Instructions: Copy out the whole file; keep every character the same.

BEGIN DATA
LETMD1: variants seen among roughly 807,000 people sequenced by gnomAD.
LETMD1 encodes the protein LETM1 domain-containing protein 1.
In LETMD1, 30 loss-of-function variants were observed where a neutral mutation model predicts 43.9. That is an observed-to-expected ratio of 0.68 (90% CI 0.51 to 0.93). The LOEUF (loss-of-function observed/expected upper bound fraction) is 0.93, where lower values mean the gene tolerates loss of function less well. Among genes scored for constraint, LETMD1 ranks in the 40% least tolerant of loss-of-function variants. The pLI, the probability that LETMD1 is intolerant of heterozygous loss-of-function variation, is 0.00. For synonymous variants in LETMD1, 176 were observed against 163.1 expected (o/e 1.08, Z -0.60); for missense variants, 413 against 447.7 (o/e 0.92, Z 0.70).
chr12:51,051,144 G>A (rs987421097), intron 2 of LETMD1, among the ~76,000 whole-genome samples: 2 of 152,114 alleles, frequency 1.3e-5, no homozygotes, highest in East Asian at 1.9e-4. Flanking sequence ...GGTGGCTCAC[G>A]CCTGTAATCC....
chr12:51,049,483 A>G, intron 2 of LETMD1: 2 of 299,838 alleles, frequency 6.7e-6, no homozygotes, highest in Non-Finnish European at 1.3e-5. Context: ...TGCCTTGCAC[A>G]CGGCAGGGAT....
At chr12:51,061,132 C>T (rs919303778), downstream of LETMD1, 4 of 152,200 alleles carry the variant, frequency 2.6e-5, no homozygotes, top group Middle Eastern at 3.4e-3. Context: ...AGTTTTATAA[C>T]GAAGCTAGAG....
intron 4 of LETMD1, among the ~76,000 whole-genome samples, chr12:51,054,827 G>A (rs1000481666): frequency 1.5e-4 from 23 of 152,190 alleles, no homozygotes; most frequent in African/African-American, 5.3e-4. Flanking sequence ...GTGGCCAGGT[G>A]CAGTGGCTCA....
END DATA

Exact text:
LETMD1: variants seen among roughly 807,000 people sequenced by gnomAD.
LETMD1 encodes the protein LETM1 domain-containing protein 1.
In LETMD1, 30 loss-of-function variants were observed where a neutral mutation model predicts 43.9. That is an observed-to-expected ratio of 0.68 (90% CI 0.51 to 0.93). The LOEUF (loss-of-function observed/expected upper bound fraction) is 0.93, where lower values mean the gene tolerates loss of function less well. Among genes scored for constraint, LETMD1 ranks in the 40% least tolerant of loss-of-function variants. The pLI, the probability that LETMD1 is intolerant of heterozygous loss-of-function variation, is 0.00. For synonymous variants in LETMD1, 176 were observed against 163.1 expected (o/e 1.08, Z -0.60); for missense variants, 413 against 447.7 (o/e 0.92, Z 0.70).
chr12:51,051,144 G>A (rs987421097), intron 2 of LETMD1, among the ~76,000 whole-genome samples: 2 of 152,114 alleles, frequency 1.3e-5, no homozygotes, highest in East Asian at 1.9e-4. Flanking sequence ...GGTGGCTCAC[G>A]CCTGTAATCC....
chr12:51,049,483 A>G, intron 2 of LETMD1: 2 of 299,838 alleles, frequency 6.7e-6, no homozygotes, highest in Non-Finnish European at 1.3e-5. Context: ...TGCCTTGCAC[A>G]CGGCAGGGAT....
At chr12:51,061,132 C>T (rs919303778), downstream of LETMD1, 4 of 152,200 alleles carry the variant, frequency 2.6e-5, no homozygotes, top group Middle Eastern at 3.4e-3. Context: ...AGTTTTATAA[C>T]GAAGCTAGAG....
intron 4 of LETMD1, among the ~76,000 whole-genome samples, chr12:51,054,827 G>A (rs1000481666): frequency 1.5e-4 from 23 of 152,190 alleles, no homozygotes; most frequent in African/African-American, 5.3e-4. Flanking sequence ...GTGGCCAGGT[G>A]CAGTGGCTCA....